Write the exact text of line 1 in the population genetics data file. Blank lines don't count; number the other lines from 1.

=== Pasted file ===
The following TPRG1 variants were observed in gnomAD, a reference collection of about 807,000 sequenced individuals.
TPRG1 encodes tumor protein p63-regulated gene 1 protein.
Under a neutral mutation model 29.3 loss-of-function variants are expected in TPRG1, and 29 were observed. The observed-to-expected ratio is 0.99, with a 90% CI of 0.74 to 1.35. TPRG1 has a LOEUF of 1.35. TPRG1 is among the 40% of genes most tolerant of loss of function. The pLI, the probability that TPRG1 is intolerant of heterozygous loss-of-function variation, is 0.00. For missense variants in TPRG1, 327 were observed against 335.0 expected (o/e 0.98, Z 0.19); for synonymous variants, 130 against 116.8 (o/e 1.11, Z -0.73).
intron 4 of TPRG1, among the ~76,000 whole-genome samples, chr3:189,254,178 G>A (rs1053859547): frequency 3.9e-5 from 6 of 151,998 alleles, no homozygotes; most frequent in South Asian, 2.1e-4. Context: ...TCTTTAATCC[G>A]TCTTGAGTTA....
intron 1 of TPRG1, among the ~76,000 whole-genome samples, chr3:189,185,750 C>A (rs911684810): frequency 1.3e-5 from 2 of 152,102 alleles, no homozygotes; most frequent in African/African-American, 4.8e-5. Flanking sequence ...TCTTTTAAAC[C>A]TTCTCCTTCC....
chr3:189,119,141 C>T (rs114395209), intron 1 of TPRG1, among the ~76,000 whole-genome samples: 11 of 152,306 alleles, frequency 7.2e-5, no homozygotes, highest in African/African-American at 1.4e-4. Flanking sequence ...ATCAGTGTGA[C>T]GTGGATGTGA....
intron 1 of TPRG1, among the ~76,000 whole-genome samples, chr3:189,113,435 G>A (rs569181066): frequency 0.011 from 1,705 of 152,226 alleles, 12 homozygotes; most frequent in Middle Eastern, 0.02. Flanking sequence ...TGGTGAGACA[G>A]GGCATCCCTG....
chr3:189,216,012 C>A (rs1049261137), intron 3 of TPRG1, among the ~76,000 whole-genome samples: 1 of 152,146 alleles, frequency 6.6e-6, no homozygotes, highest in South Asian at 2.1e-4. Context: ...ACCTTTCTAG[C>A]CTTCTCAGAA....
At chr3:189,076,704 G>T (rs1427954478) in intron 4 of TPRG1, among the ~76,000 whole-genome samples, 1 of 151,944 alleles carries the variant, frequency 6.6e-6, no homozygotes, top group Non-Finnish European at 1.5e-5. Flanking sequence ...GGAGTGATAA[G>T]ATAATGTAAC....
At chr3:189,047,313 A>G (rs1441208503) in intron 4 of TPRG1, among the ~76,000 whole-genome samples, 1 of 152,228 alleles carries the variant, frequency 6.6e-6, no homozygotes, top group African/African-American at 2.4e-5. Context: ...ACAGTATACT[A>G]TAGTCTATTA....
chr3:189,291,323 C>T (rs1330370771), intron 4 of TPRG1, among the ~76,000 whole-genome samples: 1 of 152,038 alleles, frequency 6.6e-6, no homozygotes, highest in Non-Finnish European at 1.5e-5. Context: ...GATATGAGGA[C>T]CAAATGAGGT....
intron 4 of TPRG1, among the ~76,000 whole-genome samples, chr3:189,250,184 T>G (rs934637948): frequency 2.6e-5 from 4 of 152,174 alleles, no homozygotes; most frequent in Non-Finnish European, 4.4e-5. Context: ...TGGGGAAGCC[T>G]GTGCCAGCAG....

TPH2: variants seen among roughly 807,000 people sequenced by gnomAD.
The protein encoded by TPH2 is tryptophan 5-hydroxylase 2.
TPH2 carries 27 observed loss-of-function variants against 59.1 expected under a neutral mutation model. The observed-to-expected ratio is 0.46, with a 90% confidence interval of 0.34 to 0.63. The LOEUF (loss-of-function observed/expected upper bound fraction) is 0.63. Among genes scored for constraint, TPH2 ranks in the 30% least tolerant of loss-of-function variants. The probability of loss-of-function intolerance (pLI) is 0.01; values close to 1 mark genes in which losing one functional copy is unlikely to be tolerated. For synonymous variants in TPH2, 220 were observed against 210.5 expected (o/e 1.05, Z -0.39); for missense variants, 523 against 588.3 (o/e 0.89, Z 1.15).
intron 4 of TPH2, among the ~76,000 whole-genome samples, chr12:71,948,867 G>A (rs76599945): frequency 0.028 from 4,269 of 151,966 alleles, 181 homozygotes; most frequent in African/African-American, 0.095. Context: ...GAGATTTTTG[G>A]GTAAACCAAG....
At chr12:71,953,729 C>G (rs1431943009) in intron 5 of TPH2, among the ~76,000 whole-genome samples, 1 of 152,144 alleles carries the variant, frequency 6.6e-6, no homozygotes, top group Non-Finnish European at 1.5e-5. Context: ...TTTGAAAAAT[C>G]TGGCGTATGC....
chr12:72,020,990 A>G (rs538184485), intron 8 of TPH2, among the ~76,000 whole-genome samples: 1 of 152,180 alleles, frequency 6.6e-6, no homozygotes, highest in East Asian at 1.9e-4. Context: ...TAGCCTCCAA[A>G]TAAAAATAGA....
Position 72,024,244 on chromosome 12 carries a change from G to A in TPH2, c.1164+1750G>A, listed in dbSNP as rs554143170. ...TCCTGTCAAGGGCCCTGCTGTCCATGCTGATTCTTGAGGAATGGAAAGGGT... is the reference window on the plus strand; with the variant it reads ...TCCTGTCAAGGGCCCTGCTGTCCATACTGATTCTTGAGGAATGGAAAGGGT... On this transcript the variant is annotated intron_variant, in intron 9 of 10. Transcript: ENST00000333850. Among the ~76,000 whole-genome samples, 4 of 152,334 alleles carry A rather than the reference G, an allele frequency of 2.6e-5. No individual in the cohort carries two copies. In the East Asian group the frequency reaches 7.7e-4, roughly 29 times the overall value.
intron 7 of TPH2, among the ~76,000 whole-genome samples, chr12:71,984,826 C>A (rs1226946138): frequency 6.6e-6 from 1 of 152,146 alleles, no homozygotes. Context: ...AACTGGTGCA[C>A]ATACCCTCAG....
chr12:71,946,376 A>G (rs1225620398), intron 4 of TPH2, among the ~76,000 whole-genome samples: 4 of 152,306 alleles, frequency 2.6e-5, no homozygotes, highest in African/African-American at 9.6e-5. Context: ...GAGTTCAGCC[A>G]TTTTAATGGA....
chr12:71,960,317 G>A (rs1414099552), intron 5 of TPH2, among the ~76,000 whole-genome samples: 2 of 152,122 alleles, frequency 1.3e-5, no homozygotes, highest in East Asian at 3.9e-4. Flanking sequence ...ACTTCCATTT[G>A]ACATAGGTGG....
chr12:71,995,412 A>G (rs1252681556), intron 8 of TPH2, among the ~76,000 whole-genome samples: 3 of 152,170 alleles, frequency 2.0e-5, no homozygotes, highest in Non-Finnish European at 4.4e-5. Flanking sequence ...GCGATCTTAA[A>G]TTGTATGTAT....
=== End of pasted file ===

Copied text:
The following TPRG1 variants were observed in gnomAD, a reference collection of about 807,000 sequenced individuals.